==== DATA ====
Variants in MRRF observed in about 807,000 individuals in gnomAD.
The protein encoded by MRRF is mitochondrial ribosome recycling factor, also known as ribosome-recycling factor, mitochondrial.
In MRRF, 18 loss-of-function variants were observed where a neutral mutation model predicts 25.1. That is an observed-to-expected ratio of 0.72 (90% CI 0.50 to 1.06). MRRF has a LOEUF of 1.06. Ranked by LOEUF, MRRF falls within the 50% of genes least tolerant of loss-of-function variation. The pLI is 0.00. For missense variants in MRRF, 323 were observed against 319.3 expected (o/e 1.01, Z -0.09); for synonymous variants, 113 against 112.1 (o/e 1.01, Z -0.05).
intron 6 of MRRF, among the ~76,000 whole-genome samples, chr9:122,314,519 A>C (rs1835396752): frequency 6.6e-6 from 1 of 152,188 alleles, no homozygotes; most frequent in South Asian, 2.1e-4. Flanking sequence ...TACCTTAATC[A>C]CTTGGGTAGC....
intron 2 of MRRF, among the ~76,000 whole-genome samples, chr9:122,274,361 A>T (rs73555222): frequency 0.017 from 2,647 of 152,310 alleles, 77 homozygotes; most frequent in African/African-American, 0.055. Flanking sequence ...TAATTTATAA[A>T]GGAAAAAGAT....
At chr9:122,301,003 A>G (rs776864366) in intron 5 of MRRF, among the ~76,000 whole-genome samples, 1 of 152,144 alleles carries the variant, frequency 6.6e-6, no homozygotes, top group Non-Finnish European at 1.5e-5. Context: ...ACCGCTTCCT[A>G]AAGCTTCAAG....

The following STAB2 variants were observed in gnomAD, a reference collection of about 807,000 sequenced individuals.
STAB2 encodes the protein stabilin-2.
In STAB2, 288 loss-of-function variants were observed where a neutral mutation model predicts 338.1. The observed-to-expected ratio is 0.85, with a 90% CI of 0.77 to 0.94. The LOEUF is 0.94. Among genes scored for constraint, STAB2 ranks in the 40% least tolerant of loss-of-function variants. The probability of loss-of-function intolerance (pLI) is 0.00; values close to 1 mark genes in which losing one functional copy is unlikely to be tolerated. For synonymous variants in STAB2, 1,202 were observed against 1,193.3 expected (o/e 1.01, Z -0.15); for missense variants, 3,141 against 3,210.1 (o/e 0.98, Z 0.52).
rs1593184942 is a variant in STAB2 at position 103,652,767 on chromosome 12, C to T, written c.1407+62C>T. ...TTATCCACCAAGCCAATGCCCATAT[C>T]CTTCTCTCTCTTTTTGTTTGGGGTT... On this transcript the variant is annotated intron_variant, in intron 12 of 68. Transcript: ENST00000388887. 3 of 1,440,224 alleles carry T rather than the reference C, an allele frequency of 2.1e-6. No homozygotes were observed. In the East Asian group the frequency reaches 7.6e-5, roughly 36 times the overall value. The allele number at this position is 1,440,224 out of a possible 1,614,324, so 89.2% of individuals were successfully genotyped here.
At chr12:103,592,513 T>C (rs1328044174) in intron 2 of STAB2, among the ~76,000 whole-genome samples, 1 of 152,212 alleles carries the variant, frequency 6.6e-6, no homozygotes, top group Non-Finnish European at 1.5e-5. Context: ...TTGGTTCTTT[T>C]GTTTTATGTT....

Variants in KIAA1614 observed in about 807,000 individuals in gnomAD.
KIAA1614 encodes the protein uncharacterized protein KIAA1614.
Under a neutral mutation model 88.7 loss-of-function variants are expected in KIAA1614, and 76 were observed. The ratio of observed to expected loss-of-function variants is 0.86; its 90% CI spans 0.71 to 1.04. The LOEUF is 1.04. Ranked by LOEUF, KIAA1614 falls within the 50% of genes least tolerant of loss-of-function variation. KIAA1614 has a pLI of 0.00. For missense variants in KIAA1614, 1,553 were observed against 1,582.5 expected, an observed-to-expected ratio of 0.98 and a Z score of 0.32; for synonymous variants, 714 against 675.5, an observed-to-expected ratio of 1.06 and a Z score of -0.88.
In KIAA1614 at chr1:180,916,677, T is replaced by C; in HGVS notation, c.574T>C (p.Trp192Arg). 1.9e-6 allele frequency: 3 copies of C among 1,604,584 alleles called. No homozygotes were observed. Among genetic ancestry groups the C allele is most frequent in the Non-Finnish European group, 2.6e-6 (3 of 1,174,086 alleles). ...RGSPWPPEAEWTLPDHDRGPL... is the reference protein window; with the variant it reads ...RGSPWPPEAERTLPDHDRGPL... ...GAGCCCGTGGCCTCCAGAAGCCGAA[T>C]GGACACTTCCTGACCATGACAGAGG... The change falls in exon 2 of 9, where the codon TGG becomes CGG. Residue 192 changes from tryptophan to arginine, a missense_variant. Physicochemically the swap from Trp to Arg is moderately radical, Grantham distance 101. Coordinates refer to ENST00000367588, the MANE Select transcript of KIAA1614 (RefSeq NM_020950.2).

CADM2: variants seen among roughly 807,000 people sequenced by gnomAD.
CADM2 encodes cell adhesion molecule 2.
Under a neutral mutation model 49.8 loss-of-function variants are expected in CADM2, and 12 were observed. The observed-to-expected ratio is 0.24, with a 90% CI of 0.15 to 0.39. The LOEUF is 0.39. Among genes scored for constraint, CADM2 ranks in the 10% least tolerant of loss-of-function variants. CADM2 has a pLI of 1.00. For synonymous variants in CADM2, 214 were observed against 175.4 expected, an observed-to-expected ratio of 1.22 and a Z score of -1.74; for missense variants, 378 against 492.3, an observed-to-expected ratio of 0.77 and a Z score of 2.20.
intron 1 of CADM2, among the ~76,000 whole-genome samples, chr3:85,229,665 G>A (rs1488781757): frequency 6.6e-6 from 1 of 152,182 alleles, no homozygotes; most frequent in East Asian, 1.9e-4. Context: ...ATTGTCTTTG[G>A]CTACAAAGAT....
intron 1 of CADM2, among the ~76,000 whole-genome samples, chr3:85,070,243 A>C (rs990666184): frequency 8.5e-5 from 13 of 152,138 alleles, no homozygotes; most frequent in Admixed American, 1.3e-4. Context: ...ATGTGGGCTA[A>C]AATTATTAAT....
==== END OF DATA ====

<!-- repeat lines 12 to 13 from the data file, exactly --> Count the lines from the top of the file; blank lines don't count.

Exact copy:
Variants in KIAA1614 observed in about 807,000 individuals in gnomAD.
KIAA1614 encodes the protein uncharacterized protein KIAA1614.